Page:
Laravel: A Database Transaction to rule them all

Photo by Tim Gouw on Unsplash

Sometimes you need to do a series of SQL queries, and every one of these are so tied together that, if one fails for whatever reason, st*t can happen.

Just picture this:

* Complete the registration of the User
* @param \Illuminate\Http\Request $request
* @return \Illuminate\Http\Response
public function completeRegister(Request $request)
$validated = $request->validate([
// Bunch of rules
$user = User::create($validated); $this->createDefaultPreferences($user); // Get the API keys from an external service through Internet
$keys = ExternalService::getKeysForUser($user->id);
$user->keys()->create([ 'keys' => $keys ]); return response()->view('user-created', ['user' => $user]);

And let’s say the External Service fails miserably, because it’s down, and the keys are not retrieved nor saved. An error occurs, and the user is registered without keys, and can’t use the site. Now you have to retrieve them manually, or create a mechanism to get the keys.

You could say “Hey, put the keys thing first before proceeding to save the user”, “ping the service”, or “make it so the keys aren’t a requirement”, which are totally valid, but I want to make an example of something that could fail. Even the database can do sometimes.

For these problems, the transactions are for.

Transactions: saving your database, one statement at a time

Transactions are a incredible nice feature of SQL RDBMS like MySQL, MariaDB, PostgreSQL and SQL Server. It allows the database to “rollback” a whole set of statements. I will let the documentation speak for itself:

You may use the method on the facade to run a set of operations within a database transaction. If an exception is thrown within the transaction , the transaction will automatically be rolled back. If the executes successfully, the transaction will automatically be committed. You don't need to worry about manually rolling back or committing while using the method.

So, let’s solve our keys problem using a transaction.

DB::transaction(function() use ($validated) {    $user = User::create($validated);    $this->createDefaultPreferences($user);    // Get the API keys from an external service
$keys = ExternalService::getKeysForUser($user->id);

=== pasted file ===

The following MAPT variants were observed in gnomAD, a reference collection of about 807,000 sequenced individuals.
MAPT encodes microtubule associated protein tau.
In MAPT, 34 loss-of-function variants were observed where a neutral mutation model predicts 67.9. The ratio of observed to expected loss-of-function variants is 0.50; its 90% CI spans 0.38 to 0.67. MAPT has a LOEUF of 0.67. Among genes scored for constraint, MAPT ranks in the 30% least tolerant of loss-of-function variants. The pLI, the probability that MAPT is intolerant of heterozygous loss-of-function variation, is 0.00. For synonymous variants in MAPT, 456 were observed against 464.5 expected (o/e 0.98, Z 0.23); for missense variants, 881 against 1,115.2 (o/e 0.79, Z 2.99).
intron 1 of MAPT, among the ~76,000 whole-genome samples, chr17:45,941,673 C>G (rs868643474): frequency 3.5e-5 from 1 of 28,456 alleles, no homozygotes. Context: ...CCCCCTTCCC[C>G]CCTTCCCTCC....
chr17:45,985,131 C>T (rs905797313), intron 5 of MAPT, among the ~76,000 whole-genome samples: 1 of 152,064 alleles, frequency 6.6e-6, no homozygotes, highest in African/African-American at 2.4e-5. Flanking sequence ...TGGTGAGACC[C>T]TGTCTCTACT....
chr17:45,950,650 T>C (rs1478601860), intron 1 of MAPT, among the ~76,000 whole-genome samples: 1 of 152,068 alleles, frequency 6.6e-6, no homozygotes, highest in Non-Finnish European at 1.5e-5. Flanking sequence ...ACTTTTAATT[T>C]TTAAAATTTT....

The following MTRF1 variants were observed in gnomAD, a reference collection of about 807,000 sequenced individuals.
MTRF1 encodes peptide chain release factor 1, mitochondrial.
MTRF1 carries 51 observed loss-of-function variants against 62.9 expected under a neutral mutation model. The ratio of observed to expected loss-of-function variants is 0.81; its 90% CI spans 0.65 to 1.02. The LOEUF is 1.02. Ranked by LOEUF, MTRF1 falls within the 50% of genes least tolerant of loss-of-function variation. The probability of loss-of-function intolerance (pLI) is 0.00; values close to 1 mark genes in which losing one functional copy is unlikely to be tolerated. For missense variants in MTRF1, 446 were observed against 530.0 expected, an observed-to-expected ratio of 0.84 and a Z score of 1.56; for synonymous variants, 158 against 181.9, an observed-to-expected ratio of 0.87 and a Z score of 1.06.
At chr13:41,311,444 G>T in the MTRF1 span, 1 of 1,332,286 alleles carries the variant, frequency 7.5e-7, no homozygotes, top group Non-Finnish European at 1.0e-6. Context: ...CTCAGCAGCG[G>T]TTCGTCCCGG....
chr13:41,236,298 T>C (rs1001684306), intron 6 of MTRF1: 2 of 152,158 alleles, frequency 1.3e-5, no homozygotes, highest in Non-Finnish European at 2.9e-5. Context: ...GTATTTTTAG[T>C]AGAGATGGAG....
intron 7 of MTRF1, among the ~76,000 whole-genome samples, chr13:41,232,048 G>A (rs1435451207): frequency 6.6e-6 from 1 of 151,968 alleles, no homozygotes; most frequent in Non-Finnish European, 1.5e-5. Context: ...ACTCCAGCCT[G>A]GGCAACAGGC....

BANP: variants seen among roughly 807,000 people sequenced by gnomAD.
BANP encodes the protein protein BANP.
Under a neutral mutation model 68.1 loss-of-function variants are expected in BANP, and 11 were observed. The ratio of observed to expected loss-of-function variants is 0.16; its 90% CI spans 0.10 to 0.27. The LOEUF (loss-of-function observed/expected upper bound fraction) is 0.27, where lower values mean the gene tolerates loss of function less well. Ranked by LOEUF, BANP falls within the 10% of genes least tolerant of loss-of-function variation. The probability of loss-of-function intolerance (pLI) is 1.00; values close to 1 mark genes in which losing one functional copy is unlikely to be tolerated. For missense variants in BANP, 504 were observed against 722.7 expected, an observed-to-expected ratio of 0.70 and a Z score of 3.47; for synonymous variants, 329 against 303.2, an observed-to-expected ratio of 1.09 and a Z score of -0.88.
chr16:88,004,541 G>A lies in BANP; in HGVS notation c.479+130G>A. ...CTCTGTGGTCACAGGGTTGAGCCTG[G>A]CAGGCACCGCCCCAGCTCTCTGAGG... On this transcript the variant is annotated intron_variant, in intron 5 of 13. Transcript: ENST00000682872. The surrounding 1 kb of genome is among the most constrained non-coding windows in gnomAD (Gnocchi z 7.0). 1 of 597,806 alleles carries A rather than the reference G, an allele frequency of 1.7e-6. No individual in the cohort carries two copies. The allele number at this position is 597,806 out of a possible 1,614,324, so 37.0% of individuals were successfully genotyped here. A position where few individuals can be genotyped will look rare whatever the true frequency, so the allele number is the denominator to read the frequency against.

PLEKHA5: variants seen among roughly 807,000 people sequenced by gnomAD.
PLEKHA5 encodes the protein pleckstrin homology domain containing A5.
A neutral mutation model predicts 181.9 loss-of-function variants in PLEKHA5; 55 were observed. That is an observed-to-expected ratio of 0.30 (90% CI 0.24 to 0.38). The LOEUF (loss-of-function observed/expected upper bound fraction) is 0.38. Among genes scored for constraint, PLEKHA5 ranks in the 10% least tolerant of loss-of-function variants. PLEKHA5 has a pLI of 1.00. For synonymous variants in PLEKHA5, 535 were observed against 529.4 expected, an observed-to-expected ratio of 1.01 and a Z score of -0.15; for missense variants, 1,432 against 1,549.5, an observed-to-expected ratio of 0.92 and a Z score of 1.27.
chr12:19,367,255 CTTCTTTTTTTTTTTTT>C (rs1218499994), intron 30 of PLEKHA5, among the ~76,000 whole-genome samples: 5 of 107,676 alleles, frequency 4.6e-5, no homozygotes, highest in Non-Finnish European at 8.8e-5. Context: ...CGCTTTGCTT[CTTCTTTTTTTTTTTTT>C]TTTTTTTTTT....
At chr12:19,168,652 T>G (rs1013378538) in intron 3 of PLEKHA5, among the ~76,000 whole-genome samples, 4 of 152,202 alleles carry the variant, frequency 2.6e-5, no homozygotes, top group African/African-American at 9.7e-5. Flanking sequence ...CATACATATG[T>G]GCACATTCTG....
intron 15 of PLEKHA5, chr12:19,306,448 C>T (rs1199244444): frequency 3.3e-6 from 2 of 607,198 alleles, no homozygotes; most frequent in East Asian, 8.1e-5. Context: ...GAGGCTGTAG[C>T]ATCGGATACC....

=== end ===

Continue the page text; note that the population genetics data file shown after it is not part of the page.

$user->keys()->create([ 'keys' => $keys ]);});

If the , which does an HTTP Request through the Internet, fails doing what it must, an will be thrown. When that happens, the whole transaction will be “rolled back”, like nothing happened.

This happens because the method uses a block. If an exception is catched, it will rollback the transactions automatically before proceeding to throw the exception.

But hey, I want to try X number of times!

Thankfully, the transaction accepts a second argument, which is the number of retries. If the External Service can’t connect because of heavy load, we can try again 3 more times.

DB::transaction(function() {    // ... all over again}, 3);  // Retry 3 more times before failing miserably

What if the External Service is DEAD?

Let’s say the External Service is under DDoS attack, someone couldn’t pay the electricity bill because it used it all his money buying levels for his Dota 2 Battle Pass, is just down for maintenance, or whatever event that blocks us for reaching the service. We have depleted our tries, so what we can do? We can catch the exception.

try {
DB::transaction(function() {
// ... all over again }, 3); // Retry 3 more times before failing miserably
} catch (ExternalServiceException $exception) {
return 'Sorry, the External Service is down and you cannot complete the registration without the keys from it'.}

As said before, if the transaction fails, it will return whichever was thrown first by the code inside the Closure.

By the way, you don’t need to use the block. Laravel has a nice exception handling, and the report and render methods to do what their names imply.

For example, if your External Service throws a particular exception, you can render it to something the user can understand, like “The service is down, click here to remind you to register when it’s up”, and use the report method to send you an email and see what the hell happened.

So, yeah, no need to hack your controllers with walls of code.

Graphic Designer graduate. Full Stack Web Developer. Retired Tech & Gaming Editor.

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